Those moments when God steps in and gives us hope.
This world is broken and full of the ugly and the suffering, and it would remain so for always.
Except.
Except God.

Art Credits: Prayer by Antonio Parreiras; The Pathway of Life by Thomas De Witt Talmage; Prayer by Mednyánszky László; When the King Came by George Hodges; Jesus Christ by Asta Kr; candle-lit cross by Made Sacred

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This Kind of Sorrow

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Sorrow is common to us all.
Sorrow is part of what it means to live, part of what it means to be human.
Frederick Buechner says that this universal experience is what pulls us together, is what makes us feel akin to each other.
sorrow
Sorrow is what keeps coming back to me as I prepare for this season of Lent.
While we all experience sorrow, only those of us who claim the name of Jesus have experienced the sorrow that comes when we are brought face to face with the shadowless light of God that exposes all of the ugliness deep inside.
It is this kind of sorrow that leads to the cross of Christ.
It is this kind of sorrow that leads to the beauty of transformation.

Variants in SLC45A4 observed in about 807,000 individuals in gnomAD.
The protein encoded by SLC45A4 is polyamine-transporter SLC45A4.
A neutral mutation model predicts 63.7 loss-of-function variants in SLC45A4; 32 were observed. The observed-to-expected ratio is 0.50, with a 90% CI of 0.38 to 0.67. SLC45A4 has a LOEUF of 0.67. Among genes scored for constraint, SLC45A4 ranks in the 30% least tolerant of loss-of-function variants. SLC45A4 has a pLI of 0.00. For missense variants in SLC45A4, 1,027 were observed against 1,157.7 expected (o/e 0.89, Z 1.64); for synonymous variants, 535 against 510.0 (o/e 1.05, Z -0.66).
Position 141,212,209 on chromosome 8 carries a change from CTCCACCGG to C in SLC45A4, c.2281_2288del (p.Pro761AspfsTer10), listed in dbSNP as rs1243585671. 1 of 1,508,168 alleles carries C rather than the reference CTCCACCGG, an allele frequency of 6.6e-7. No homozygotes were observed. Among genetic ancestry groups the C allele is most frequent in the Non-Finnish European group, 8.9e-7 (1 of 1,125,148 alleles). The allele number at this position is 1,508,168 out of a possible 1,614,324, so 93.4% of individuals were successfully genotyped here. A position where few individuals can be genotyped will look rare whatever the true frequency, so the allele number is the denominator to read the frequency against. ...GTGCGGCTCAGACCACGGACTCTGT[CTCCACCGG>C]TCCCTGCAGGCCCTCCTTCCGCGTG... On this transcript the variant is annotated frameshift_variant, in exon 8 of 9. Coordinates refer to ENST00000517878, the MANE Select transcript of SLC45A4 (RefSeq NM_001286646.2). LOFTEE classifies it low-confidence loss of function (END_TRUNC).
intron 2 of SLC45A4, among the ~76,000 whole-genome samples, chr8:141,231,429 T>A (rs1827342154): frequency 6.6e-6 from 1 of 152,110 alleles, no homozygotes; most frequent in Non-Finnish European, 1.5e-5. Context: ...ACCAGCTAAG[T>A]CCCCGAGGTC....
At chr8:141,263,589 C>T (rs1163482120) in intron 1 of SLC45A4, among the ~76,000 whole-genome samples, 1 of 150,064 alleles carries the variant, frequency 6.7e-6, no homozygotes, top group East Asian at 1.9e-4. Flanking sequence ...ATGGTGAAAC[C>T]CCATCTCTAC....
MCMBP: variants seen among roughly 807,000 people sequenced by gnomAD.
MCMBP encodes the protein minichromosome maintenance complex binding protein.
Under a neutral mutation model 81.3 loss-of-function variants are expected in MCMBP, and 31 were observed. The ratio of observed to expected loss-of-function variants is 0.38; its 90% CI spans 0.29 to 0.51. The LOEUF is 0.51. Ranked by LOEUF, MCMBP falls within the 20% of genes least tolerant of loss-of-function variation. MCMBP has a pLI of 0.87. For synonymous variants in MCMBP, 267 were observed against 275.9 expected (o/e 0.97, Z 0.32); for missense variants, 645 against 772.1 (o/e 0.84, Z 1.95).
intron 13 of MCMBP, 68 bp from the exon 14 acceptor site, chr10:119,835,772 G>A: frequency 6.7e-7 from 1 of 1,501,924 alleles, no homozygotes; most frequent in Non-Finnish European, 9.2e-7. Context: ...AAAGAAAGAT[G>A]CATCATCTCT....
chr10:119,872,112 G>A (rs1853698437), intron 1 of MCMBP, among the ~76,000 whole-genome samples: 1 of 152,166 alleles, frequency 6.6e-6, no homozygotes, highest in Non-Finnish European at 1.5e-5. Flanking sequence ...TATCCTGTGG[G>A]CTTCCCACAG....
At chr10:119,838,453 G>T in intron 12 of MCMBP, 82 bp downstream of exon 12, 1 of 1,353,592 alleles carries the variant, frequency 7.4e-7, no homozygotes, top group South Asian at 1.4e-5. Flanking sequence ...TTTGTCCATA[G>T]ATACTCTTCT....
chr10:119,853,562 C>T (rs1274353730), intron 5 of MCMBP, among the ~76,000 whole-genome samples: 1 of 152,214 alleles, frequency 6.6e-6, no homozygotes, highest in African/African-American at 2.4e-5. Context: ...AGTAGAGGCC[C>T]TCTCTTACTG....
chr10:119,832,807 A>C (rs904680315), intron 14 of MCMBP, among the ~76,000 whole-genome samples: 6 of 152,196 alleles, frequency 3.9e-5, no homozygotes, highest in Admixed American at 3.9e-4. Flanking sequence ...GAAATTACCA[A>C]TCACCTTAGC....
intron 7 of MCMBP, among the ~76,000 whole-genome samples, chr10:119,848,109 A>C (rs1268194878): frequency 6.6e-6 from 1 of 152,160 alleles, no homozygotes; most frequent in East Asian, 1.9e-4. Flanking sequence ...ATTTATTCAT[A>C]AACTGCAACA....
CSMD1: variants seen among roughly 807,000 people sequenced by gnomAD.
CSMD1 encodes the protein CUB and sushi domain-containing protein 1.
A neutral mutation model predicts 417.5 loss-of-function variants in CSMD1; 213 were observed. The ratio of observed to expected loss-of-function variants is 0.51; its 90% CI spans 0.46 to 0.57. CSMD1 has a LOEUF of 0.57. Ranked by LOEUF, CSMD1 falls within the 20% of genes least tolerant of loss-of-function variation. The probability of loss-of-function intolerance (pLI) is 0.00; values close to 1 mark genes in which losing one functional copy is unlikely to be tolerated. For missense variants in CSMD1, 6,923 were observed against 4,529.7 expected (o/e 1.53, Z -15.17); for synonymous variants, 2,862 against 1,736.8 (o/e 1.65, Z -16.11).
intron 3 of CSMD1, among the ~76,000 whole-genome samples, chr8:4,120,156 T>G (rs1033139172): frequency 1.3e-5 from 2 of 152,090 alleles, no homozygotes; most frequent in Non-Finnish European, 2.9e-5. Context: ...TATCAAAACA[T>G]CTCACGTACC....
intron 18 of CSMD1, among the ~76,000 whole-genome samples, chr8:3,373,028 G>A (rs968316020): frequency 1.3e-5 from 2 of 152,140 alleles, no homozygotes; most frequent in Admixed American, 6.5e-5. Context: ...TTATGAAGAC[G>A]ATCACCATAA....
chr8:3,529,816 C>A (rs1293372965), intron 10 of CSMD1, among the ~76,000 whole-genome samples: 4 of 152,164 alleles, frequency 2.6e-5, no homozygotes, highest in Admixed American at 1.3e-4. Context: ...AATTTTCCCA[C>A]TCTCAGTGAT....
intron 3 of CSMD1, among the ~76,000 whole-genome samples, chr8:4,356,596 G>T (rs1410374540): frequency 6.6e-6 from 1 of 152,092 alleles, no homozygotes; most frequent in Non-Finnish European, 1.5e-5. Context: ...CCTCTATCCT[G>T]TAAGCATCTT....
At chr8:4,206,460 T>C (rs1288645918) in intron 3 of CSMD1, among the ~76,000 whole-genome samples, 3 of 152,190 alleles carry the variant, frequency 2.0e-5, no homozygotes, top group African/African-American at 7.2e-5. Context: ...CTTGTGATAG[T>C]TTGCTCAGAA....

It is this kind of sorrow that changes everything.
godly sorrow
Paul says that this kind of sorrow produces hope within that does not fail.
Paul also says that there is a worldly sorrow and a godly sorrow.
The worldly kind of sorrow produces death.
The godly kind of sorrow produces repentance which leads to salvation.
It is this kind of sorrow that breaks us and opens us wide to the painful healing that saves us.
It is this kind of sorrow that I want to lean into this Lent.
repentance
Our God is standing with His arms wide open, offering this kind of sorrow.
“Yet even now,” declare the Lord, “return to Me with all your heart, with fasting, with weeping, and with mourning; and rend your hearts and not your garments.” Return to the LORD your God, for He is gracious and merciful, slow to anger, and abounding in steadfast love. ~ Joel
I attended an Ash Wednesday service at a nearby Lutheran church this week.
We stood and confessed all together that we had sinned, that we had done wrong against God and against each other, that we couldn’t even manage to do the good God had asked of us much less refrain from doing evil.
And then we walked up to the pastor, one by one, and were marked with ashes.
We were marked with ashes as we mourned the wrong we cannot seem to turn away from.
We were marked with ashes in the sign of the cross as we remembered that we are covered by the grace of God.
The pastor looked me straight in the eye and said, “You are marked by the cross of Christ. You are a child of God.”
This is what this kind of sorrow produces.
The gift of becoming children of God.
So lean into your sorrow in this season so that you can settle into the hope of joy for eternity.
hope
You are marked by the cross of Christ.
You are a child of God.

Art credits: Sketch of The Three Crosses by Rembrandt; all other photographs copyright Made Sacred 2019